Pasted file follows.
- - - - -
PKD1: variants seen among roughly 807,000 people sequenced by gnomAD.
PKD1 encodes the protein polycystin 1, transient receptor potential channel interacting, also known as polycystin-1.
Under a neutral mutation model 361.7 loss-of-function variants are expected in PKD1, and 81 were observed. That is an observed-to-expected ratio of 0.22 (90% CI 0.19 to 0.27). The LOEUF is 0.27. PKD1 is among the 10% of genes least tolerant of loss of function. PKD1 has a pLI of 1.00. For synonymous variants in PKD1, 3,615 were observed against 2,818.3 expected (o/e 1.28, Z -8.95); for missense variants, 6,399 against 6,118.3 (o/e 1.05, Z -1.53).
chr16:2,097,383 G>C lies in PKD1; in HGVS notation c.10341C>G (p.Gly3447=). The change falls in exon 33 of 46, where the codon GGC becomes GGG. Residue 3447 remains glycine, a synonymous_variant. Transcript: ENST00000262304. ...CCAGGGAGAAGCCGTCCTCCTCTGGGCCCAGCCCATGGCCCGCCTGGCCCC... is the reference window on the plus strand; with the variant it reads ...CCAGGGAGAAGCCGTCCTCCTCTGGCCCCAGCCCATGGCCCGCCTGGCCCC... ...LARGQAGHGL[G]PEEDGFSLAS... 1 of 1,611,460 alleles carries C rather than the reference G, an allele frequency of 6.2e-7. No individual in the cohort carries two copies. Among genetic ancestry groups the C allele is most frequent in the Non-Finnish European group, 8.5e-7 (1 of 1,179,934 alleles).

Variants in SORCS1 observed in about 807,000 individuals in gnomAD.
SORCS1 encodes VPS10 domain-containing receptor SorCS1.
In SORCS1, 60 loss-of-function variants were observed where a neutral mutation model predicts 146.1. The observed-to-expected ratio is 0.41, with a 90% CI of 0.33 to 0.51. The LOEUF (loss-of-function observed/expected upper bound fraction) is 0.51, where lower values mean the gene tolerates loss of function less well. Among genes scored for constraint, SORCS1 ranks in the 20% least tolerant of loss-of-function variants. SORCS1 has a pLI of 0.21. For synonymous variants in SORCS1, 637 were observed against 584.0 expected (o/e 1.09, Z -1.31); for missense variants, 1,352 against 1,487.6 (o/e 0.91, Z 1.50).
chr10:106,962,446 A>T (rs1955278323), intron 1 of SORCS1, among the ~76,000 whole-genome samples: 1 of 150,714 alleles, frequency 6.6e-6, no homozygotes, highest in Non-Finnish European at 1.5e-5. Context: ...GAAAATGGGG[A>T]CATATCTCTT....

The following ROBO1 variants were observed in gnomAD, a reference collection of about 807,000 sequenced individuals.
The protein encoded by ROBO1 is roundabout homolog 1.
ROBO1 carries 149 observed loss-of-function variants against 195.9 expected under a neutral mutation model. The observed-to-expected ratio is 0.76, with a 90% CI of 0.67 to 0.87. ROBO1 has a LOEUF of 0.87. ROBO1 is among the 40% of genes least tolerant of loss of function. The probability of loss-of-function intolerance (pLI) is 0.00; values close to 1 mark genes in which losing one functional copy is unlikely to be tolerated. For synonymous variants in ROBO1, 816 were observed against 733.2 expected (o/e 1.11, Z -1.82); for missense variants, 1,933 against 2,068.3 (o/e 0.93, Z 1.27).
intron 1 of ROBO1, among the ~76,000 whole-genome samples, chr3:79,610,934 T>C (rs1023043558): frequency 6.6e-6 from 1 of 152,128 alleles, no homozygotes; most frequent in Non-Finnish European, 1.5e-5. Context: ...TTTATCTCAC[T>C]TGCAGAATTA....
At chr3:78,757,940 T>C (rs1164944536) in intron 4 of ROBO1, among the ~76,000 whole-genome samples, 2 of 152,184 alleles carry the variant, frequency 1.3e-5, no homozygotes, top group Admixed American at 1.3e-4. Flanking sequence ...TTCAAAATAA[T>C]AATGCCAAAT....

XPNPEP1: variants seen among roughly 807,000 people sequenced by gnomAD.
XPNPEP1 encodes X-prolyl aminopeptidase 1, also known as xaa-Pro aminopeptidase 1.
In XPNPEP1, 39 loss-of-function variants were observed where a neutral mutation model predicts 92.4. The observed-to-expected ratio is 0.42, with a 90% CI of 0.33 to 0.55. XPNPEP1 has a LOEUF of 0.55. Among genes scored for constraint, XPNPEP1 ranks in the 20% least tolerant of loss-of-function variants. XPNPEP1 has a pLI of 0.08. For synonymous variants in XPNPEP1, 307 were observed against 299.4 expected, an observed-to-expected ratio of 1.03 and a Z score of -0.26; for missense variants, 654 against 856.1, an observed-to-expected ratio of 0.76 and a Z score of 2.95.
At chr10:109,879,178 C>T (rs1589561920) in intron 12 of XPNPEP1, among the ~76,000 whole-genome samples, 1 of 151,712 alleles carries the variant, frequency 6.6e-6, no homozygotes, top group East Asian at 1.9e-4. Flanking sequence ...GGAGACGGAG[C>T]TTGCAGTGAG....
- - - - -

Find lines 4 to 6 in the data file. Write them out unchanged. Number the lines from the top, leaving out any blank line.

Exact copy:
chr16:2,097,383 G>C lies in PKD1; in HGVS notation c.10341C>G (p.Gly3447=). The change falls in exon 33 of 46, where the codon GGC becomes GGG. Residue 3447 remains glycine, a synonymous_variant. Transcript: ENST00000262304. ...CCAGGGAGAAGCCGTCCTCCTCTGGGCCCAGCCCATGGCCCGCCTGGCCCC... is the reference window on the plus strand; with the variant it reads ...CCAGGGAGAAGCCGTCCTCCTCTGGCCCCAGCCCATGGCCCGCCTGGCCCC... ...LARGQAGHGL[G]PEEDGFSLAS... 1 of 1,611,460 alleles carries C rather than the reference G, an allele frequency of 6.2e-7. No individual in the cohort carries two copies. Among genetic ancestry groups the C allele is most frequent in the Non-Finnish European group, 8.5e-7 (1 of 1,179,934 alleles).

Variants in SORCS1 observed in about 807,000 individuals in gnomAD.
SORCS1 encodes VPS10 domain-containing receptor SorCS1.